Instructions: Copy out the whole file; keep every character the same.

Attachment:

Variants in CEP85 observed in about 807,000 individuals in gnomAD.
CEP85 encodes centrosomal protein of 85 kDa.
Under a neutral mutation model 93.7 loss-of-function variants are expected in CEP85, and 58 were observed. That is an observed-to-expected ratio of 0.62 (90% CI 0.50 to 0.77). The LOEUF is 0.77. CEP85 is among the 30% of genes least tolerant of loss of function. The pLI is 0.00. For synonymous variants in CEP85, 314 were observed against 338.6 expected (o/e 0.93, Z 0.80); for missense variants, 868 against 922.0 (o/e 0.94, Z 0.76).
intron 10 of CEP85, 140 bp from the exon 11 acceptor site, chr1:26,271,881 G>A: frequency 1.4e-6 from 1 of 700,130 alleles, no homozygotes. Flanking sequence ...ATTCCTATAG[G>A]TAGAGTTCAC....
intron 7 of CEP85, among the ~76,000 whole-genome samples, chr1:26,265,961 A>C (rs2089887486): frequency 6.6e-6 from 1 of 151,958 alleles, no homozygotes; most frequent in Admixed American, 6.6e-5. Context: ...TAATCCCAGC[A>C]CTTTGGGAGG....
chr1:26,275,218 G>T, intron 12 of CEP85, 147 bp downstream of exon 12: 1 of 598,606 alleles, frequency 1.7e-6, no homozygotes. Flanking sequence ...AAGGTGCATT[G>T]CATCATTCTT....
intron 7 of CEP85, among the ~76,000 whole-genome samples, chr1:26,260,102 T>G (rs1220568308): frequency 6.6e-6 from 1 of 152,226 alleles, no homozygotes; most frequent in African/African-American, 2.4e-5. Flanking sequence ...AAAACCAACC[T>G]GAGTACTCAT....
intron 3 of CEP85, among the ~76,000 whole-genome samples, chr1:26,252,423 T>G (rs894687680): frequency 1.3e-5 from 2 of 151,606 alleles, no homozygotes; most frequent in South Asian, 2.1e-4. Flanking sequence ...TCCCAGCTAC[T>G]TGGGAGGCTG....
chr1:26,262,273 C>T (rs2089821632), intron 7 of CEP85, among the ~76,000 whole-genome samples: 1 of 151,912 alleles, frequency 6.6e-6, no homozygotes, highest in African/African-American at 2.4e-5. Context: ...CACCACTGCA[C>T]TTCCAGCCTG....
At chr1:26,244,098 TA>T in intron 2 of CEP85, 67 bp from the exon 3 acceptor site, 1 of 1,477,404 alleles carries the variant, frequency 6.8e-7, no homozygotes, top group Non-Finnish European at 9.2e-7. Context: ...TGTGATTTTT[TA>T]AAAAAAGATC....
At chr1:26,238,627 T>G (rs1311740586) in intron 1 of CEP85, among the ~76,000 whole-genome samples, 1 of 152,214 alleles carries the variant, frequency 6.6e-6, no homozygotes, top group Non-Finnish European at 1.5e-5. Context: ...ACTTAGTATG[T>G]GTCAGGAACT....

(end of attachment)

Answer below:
Variants in CEP85 observed in about 807,000 individuals in gnomAD.
CEP85 encodes centrosomal protein of 85 kDa.
Under a neutral mutation model 93.7 loss-of-function variants are expected in CEP85, and 58 were observed. That is an observed-to-expected ratio of 0.62 (90% CI 0.50 to 0.77). The LOEUF is 0.77. CEP85 is among the 30% of genes least tolerant of loss of function. The pLI is 0.00. For synonymous variants in CEP85, 314 were observed against 338.6 expected (o/e 0.93, Z 0.80); for missense variants, 868 against 922.0 (o/e 0.94, Z 0.76).
intron 10 of CEP85, 140 bp from the exon 11 acceptor site, chr1:26,271,881 G>A: frequency 1.4e-6 from 1 of 700,130 alleles, no homozygotes. Flanking sequence ...ATTCCTATAG[G>A]TAGAGTTCAC....
intron 7 of CEP85, among the ~76,000 whole-genome samples, chr1:26,265,961 A>C (rs2089887486): frequency 6.6e-6 from 1 of 151,958 alleles, no homozygotes; most frequent in Admixed American, 6.6e-5. Context: ...TAATCCCAGC[A>C]CTTTGGGAGG....
chr1:26,275,218 G>T, intron 12 of CEP85, 147 bp downstream of exon 12: 1 of 598,606 alleles, frequency 1.7e-6, no homozygotes. Flanking sequence ...AAGGTGCATT[G>T]CATCATTCTT....
intron 7 of CEP85, among the ~76,000 whole-genome samples, chr1:26,260,102 T>G (rs1220568308): frequency 6.6e-6 from 1 of 152,226 alleles, no homozygotes; most frequent in African/African-American, 2.4e-5. Flanking sequence ...AAAACCAACC[T>G]GAGTACTCAT....
intron 3 of CEP85, among the ~76,000 whole-genome samples, chr1:26,252,423 T>G (rs894687680): frequency 1.3e-5 from 2 of 151,606 alleles, no homozygotes; most frequent in South Asian, 2.1e-4. Flanking sequence ...TCCCAGCTAC[T>G]TGGGAGGCTG....
chr1:26,262,273 C>T (rs2089821632), intron 7 of CEP85, among the ~76,000 whole-genome samples: 1 of 151,912 alleles, frequency 6.6e-6, no homozygotes, highest in African/African-American at 2.4e-5. Context: ...CACCACTGCA[C>T]TTCCAGCCTG....
At chr1:26,244,098 TA>T in intron 2 of CEP85, 67 bp from the exon 3 acceptor site, 1 of 1,477,404 alleles carries the variant, frequency 6.8e-7, no homozygotes, top group Non-Finnish European at 9.2e-7. Context: ...TGTGATTTTT[TA>T]AAAAAAGATC....
At chr1:26,238,627 T>G (rs1311740586) in intron 1 of CEP85, among the ~76,000 whole-genome samples, 1 of 152,214 alleles carries the variant, frequency 6.6e-6, no homozygotes, top group Non-Finnish European at 1.5e-5. Context: ...ACTTAGTATG[T>G]GTCAGGAACT....